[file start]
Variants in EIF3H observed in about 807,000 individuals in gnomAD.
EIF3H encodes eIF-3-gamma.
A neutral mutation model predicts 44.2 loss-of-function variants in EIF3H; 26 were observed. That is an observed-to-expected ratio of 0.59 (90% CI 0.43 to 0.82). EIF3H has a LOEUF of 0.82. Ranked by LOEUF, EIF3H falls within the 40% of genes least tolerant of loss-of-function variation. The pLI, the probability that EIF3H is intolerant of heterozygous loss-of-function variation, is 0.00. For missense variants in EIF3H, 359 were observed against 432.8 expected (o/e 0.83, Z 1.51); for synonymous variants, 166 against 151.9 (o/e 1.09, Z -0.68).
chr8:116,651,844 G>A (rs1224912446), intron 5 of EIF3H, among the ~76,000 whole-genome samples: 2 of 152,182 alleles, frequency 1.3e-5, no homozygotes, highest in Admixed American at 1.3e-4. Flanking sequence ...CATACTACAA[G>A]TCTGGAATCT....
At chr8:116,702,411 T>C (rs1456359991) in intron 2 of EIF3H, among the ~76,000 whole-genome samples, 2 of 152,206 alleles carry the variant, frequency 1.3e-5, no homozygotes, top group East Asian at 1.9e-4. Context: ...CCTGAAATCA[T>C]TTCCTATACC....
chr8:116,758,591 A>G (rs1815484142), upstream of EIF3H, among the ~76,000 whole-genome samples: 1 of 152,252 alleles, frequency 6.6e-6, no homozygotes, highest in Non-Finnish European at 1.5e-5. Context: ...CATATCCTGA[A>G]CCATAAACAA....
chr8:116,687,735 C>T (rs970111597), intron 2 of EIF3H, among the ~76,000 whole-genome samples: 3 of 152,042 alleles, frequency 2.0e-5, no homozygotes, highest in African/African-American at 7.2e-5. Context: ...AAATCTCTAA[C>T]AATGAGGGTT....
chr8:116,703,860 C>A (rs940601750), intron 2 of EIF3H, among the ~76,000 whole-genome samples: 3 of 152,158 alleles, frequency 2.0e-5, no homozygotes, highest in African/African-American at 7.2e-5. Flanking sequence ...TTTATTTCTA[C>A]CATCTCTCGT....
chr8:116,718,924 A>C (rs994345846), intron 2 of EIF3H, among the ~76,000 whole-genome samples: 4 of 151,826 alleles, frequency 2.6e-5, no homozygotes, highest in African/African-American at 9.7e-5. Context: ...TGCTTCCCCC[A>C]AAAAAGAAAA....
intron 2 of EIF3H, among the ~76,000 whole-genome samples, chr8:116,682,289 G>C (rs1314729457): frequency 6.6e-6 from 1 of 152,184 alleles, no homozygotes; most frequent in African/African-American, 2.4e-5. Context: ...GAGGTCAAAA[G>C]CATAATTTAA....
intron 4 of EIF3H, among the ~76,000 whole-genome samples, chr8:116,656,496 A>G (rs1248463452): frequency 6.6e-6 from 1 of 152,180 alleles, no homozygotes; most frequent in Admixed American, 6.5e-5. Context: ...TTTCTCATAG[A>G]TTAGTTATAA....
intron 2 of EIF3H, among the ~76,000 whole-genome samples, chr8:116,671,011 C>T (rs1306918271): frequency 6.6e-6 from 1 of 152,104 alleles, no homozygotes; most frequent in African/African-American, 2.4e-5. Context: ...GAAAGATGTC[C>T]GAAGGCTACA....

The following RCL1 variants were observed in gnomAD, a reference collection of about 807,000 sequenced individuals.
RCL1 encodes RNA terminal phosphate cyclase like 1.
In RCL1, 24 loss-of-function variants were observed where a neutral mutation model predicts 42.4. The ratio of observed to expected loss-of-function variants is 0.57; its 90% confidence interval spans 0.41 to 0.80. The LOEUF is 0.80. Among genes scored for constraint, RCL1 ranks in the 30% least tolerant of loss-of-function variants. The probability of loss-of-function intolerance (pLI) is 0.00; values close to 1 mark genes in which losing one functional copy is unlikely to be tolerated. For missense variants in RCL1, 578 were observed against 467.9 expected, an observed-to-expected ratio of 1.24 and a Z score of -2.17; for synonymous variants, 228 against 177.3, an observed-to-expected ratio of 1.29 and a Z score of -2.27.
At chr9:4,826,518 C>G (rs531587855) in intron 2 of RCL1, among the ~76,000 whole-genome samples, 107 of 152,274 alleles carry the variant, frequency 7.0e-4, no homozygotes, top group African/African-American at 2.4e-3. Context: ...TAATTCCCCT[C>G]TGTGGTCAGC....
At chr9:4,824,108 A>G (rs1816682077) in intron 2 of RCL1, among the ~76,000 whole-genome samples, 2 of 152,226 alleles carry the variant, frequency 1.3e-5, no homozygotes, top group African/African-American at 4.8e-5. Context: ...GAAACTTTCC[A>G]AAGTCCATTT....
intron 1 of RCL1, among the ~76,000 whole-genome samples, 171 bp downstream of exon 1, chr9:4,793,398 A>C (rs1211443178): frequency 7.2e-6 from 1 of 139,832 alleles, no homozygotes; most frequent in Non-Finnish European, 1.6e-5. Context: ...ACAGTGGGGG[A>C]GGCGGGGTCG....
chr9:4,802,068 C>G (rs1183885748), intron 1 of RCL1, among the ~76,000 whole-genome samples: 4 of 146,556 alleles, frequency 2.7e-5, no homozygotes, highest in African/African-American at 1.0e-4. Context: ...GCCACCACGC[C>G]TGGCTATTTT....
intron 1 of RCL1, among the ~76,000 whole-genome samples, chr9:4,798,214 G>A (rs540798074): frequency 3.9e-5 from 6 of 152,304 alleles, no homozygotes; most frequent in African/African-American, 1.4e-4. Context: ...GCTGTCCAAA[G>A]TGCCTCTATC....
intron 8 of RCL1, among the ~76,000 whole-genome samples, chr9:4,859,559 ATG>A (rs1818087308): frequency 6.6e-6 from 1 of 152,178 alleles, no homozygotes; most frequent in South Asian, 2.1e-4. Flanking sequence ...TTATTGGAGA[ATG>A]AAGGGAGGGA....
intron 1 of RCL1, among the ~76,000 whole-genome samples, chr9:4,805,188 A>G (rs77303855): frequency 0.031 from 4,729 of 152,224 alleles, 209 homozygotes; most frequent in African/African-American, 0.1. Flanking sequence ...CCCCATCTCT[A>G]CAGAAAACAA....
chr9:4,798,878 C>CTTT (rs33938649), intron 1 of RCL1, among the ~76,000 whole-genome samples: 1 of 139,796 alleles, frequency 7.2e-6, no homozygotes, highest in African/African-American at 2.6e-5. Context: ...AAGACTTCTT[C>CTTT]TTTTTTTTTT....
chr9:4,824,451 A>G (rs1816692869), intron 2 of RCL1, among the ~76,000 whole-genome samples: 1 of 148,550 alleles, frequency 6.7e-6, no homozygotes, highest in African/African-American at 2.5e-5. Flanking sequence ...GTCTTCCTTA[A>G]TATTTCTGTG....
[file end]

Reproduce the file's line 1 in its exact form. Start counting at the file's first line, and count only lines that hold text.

Variants in EIF3H observed in about 807,000 individuals in gnomAD.